The FTC’s settlement with Google and YouTube offers several important lessons to platforms, ad networks and content providers.

Takeaway 1 (for all companies): Your sales and marketing staff’s statements may be used against you. The FTC alleged that the YouTube marketing team bragged about YouTube’s popularity with kids, and even said to a business partner that the platform did not need to comply with COPPA because it was a general-audience site.

Best Practice: In any company, communication is critical. Companies should always ensure their legal department knows how the marketing team is selling the company’s services, and make sure they are making accurate and legally-approved statements. Sales and marketing staff should receive periodic training on heightened areas of legal risk that touch their business.

Takeaway 2 (for platforms and ad networks): User-generated content sites can be subject to and liable under COPPA if you have “actual knowledge” that your users upload child-directed content to your service.
This case has implications for any company that allows the uploading of user-generated content (UGC) on its platform, as well as any advertising or analytics company that collects personal data from its partners’ apps.

Unlike laws like Section 230 of the Communications Decency Act, which immunizes online service providers from being treated as publishers of their users’ content regardless of the service provider’s knowledge, this action shows that the FTC will seek to hold a platform responsible for complying with COPPA if it knows its users’ content is directed to children. If a general audience service provider learns that a user or third-party partner is providing child-directed content, such as apps, forums or chat rooms, it must either disable its personal data collection on that site, or seek verifiable parental consent prior to that collection.

Best Practice: While COPPA does not currently require platform providers or ad networks to affirmatively monitor their users’/business partners’ content to see if it is child-directed, many ad networks as a best practice already require their app developer partners to self-certify upfront whether their apps are child-directed, in order to reduce their risk.

Takeaway 3 (for platforms and ad networks): Having a “child zone” isn’t enough, and in fact, could even put the “adult zone” content at greater risk.
YouTube was unique in that it provided a separate “YouTube Kids” app, designed to provide a COPPA-compliant experience for kids. However, this compliance plan arguably backfired, because the same video content YouTube hosted, curated and promoted for YouTube kids could also be found on the main YouTube site, with behavioral advertising enabled. The FTC seized on YouTube’s selection of content for YouTube kids as additional evidence that it knew the same content on the general YouTube site was child-directed.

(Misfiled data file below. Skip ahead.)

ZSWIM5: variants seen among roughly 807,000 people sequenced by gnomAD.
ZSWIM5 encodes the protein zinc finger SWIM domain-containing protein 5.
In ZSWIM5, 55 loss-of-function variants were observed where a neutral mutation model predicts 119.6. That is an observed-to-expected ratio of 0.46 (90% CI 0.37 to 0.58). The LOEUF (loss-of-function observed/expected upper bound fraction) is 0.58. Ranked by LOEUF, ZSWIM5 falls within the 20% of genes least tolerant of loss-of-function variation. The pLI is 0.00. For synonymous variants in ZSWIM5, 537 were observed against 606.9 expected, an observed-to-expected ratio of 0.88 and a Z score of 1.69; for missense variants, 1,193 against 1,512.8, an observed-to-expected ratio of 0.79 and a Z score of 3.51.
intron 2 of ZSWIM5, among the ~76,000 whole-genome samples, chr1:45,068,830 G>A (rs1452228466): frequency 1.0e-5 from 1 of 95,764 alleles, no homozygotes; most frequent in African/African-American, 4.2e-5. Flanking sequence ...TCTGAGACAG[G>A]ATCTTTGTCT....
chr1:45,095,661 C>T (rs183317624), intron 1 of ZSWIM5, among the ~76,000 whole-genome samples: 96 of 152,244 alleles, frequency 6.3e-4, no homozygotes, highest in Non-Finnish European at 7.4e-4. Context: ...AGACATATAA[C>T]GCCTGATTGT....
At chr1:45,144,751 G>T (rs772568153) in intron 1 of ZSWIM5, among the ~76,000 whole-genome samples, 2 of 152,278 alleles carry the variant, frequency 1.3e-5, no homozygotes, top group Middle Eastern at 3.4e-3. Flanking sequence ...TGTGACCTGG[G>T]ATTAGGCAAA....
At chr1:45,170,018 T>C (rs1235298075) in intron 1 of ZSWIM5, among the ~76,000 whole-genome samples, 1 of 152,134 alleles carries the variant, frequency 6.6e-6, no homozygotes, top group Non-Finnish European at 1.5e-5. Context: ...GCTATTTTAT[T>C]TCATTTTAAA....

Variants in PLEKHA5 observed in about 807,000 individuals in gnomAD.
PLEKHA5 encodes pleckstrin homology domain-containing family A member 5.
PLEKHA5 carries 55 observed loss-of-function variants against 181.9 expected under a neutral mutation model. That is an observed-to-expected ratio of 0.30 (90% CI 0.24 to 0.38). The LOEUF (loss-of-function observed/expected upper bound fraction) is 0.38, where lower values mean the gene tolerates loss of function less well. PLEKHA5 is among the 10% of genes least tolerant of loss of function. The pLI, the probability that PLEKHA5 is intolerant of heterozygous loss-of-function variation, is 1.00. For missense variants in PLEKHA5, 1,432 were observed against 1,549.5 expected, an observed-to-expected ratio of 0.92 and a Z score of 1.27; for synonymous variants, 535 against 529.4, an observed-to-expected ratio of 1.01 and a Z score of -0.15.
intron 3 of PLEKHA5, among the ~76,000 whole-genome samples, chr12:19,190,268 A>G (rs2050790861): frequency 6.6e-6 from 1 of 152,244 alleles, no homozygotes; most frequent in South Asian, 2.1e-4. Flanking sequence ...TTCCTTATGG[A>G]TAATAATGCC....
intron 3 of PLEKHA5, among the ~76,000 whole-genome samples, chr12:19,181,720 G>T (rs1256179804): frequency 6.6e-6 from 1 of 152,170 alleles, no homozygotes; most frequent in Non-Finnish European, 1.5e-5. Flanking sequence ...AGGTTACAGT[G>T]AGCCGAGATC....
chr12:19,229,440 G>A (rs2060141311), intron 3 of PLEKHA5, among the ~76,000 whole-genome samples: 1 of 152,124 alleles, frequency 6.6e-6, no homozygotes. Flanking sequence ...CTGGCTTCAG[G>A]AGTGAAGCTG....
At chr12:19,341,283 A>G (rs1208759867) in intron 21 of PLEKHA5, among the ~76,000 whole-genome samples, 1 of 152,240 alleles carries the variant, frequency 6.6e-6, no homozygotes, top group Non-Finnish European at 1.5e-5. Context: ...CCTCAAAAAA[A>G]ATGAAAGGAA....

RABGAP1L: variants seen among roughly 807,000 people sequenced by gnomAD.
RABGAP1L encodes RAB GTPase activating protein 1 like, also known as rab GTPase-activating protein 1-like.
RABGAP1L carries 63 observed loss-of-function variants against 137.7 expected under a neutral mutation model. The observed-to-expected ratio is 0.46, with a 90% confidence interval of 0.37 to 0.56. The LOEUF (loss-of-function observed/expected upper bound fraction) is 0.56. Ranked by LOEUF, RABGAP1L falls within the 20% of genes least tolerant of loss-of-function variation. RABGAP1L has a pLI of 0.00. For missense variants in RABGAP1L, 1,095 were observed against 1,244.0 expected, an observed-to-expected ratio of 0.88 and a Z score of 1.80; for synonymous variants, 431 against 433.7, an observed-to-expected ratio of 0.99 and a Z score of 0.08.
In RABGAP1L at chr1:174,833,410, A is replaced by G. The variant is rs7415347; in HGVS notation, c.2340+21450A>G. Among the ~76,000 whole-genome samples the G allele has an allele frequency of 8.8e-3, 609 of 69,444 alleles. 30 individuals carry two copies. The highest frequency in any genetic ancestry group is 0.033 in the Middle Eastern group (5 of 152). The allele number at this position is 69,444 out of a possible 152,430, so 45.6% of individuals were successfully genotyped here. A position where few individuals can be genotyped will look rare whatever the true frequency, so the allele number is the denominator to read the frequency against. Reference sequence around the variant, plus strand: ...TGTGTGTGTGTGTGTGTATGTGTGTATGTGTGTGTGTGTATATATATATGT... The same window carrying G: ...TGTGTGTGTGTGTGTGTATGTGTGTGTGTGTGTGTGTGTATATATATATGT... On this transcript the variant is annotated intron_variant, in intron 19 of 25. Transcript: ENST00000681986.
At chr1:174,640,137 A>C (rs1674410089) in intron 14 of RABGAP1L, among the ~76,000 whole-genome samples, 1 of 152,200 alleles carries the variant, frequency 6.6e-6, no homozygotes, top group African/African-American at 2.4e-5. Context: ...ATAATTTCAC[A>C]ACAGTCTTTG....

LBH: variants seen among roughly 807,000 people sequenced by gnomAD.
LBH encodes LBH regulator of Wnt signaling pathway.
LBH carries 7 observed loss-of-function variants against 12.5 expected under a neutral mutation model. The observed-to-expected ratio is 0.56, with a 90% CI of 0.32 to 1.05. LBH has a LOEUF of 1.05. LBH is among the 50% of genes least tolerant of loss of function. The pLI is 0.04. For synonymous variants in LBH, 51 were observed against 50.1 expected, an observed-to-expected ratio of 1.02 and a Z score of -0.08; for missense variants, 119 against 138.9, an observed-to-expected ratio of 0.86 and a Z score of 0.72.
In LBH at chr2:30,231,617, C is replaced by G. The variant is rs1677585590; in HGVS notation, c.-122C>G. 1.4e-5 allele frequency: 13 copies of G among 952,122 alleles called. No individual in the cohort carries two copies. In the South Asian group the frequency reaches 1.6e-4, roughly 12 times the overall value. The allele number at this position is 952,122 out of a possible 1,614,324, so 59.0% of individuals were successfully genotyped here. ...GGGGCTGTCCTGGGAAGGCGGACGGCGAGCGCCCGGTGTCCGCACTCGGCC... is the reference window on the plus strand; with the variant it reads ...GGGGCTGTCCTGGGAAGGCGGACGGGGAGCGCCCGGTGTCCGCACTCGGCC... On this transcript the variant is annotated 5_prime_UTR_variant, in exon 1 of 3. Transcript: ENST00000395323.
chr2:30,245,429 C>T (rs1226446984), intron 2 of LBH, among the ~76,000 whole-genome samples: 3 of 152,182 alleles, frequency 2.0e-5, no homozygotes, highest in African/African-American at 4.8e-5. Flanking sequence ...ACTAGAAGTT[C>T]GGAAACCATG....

Best Practice: It’s not an inherently bad idea to section off a portion of your services as “for kids,” and treat the kids’ content separately from a data perspective. This segregation is typically an effective compliance strategy. However, this case shows that doing that is not enough by itself, especially for UGC services. If content from the kids’ section is also being packaged into collections on the general audience section of a service, the platform operator should treat those collections as subject to COPPA, and either disable behavioral advertising or require verifiable parental consent as needed.

Takeaway 4 (for content providers): Content providers should expect increasing pressure from platform or advertising partners to classify their content as either child- or adult-directed.
Following this settlement, YouTube reportedly has plans to use machine-learning algorithms to detect child-directed video content in the future. As such, content providers on YouTube and other platforms may be concerned about lower revenues from child-directed content, due to increased restrictions on behavioral advertising.

Best Practice: Content creators will have to adapt to platforms’ machine-learning technology to avoid having their content misclassified. That said, many companies in kids’ media have been surprised to learn that revenues from contextual advertising are not substantially lower than revenues from behavioral advertising. This may be because kids are not as influenced by personalized ad experiences compared to adults.

These are complicated issues, and the law may change again soon: the FTC is considering amendments to COPPA in a workshop planned for this October. As always, companies should work closely with privacy counsel during this period of enhanced focus on children’s privacy, and take all necessary precautions now.